Bipartisan PIGS act introduced |

Bipartisan PIGS act introduced

Rep. Nancy Mace, R-S.C., and Rep. Veronica Escobar, D-Texas, introduced a bill last week to ban the housing of pregnant pigs in gestation stalls, also known as crates.

The legislation, H.R. 7004, is called the Pigs in Gestation Stalls (PIGS) Act of 2022.

“It’s inhumane to force animals to live in such small spaces that they are unable to stand up or turn around,” said Mace in a press release.

“It is also dangerous. Extreme stress causes pregnant pigs to engage in self-mutilating behavior, making them more susceptible to diseases, such as zoonotic disease and swine flu, that can be passed on to humans. I support this bill because it will allow pregnant pigs the space to lie down, stand up, and turn around freely, a freedom that every living creature deserves.”

“We must hold our pig industry accountable by requiring them to follow adequate animal welfare conditions,” said Escobar. “I am pleased to join with my colleague across the aisle to enhance the safety and well-being of pregnant pigs.”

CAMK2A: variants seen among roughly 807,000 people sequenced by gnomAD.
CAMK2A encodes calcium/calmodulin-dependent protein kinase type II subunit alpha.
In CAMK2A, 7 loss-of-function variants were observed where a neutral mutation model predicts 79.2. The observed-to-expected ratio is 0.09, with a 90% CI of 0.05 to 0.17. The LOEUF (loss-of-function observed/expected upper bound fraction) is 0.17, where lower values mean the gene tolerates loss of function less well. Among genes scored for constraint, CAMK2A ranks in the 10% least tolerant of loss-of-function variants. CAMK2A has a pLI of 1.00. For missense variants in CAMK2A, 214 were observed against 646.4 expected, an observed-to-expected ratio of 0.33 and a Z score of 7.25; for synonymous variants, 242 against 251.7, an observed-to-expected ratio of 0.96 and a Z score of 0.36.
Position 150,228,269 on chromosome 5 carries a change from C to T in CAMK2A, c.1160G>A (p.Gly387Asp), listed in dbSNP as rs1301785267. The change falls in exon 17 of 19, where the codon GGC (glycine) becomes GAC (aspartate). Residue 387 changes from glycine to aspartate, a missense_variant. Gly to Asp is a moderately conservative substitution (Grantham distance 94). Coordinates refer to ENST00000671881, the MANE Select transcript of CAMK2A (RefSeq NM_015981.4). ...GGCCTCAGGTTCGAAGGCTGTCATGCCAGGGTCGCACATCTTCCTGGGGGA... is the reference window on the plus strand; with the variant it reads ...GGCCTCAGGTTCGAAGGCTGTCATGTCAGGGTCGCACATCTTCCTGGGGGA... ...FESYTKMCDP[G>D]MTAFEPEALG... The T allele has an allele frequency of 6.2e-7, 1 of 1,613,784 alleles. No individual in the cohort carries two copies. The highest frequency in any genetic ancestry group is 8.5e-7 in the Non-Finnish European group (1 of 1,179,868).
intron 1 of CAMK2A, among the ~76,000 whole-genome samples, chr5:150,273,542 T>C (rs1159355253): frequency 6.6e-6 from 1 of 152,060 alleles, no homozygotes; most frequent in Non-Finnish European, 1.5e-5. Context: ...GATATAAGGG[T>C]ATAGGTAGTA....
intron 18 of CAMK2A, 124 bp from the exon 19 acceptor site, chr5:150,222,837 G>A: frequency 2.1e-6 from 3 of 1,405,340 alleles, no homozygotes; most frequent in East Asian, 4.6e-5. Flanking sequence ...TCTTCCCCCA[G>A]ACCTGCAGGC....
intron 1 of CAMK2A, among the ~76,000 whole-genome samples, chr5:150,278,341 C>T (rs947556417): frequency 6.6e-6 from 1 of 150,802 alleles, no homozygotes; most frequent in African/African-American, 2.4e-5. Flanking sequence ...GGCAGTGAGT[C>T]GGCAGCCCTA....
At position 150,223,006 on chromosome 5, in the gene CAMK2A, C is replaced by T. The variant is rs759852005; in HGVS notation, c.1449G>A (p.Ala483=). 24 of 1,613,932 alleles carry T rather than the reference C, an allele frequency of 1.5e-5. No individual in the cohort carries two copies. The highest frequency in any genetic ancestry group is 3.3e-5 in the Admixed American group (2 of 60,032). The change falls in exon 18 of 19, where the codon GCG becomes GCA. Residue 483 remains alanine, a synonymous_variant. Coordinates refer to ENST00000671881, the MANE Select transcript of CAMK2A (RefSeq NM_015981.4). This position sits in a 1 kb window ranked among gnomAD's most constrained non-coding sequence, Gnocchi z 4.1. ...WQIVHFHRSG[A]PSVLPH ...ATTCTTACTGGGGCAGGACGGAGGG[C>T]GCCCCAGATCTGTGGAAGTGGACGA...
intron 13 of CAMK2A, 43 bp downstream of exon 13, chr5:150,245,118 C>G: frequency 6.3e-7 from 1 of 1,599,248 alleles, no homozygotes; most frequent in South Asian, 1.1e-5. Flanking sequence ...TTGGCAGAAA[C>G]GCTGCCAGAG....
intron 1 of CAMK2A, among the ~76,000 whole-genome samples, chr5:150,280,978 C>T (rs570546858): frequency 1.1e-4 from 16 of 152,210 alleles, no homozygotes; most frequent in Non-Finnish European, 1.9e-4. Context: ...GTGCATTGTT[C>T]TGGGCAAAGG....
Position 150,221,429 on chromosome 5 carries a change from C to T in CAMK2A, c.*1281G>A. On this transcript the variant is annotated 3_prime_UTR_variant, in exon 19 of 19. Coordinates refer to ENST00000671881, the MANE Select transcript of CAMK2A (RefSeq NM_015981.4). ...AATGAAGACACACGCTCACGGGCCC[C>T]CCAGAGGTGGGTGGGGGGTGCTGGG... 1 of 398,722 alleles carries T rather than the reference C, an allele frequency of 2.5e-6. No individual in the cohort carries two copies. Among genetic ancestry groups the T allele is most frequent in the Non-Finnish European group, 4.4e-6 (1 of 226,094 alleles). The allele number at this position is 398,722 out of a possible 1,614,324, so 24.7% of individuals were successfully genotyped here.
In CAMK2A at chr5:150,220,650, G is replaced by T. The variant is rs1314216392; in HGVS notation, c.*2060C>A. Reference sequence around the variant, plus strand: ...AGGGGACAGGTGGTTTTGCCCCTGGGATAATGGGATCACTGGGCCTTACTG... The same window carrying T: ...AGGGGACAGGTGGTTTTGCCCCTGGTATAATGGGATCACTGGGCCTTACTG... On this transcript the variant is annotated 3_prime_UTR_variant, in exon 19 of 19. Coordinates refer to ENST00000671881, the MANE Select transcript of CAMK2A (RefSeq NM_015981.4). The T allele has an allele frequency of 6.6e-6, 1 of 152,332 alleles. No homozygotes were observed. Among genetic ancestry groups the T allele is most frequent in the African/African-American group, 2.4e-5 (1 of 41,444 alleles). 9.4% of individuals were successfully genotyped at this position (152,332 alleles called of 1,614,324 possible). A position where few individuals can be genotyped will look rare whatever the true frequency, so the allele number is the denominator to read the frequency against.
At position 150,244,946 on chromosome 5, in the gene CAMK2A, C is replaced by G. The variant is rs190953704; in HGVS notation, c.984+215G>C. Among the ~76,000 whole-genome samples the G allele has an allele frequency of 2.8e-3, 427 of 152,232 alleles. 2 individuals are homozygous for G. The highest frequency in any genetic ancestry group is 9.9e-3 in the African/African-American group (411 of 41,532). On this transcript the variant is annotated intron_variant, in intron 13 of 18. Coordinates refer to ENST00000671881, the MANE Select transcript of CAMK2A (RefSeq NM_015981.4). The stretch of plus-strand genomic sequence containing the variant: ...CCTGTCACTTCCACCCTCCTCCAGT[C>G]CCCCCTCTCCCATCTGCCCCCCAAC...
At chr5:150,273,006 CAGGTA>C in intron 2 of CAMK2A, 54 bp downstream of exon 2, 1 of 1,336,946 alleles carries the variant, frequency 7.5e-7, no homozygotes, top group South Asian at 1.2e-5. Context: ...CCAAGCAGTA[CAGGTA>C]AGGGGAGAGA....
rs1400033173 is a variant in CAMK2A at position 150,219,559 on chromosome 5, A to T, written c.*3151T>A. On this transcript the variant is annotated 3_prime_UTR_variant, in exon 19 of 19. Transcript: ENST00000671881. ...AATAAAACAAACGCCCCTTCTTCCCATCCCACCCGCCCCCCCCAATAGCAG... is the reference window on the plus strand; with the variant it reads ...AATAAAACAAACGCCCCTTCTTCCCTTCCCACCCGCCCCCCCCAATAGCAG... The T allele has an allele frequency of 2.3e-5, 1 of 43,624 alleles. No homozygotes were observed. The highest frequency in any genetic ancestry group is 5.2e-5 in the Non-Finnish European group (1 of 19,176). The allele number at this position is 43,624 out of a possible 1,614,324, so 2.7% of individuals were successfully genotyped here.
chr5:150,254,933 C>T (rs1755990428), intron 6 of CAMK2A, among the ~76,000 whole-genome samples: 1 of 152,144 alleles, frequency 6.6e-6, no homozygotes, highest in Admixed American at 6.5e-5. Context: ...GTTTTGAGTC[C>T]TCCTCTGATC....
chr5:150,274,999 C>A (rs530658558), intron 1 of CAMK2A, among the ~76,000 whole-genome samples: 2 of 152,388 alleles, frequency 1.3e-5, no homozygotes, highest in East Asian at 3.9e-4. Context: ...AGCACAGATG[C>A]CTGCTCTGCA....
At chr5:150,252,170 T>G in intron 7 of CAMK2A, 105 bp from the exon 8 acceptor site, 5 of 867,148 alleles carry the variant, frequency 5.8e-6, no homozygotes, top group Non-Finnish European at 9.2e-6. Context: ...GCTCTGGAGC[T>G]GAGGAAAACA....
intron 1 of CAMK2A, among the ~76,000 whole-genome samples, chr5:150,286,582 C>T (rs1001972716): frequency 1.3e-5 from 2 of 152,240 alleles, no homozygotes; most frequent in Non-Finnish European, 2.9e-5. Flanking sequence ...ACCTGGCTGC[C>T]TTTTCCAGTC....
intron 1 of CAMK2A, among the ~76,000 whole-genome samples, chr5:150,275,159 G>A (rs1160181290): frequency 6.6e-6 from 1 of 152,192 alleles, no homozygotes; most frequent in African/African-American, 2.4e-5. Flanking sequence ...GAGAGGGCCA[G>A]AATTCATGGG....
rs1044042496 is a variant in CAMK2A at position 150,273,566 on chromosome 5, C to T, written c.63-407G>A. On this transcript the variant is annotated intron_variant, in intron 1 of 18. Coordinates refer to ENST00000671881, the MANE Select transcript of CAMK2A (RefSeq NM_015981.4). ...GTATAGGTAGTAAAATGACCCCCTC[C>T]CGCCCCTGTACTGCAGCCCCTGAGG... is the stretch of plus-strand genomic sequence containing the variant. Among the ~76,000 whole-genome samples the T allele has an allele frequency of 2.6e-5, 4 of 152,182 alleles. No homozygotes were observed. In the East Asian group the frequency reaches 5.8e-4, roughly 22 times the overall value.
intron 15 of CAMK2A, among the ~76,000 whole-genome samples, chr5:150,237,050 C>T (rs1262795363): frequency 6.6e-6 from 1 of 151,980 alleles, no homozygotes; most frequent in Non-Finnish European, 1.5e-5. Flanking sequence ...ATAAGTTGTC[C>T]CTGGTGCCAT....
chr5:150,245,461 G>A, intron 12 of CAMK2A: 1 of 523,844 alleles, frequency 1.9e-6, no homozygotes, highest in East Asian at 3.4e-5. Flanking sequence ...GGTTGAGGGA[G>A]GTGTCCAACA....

Marty Irby, executive director of Animal Wellness Action, and senior vice-president at the Center for a Humane Economy, said, “Animals born and built to move and to turn around should at least be allowed to do so.”

“Confining sows in crates that immobilize them is appalling and inhumane. We applaud Reps. Escobar and Mace for introducing the PIGS Act and working in bipartisan fashion to ensure that all animals are treated more humanely, including those raised for food.”

“All animals, livestock included, deserve to have the opportunity to express their instinctive behavior,” said Will Harris, owner and proprietor of White Oak Pastures, a Georgia beef, pork and poultry producer that has made animal welfare part of its mission.

“It is the responsibility of the stockman to provide an environment in which this is possible. Hogs were meant to root and wallow. Depriving them of this instinct is stressful to the hog, and a cruelty on the part of the hog producer. At the very least, they should not be immobilized.”


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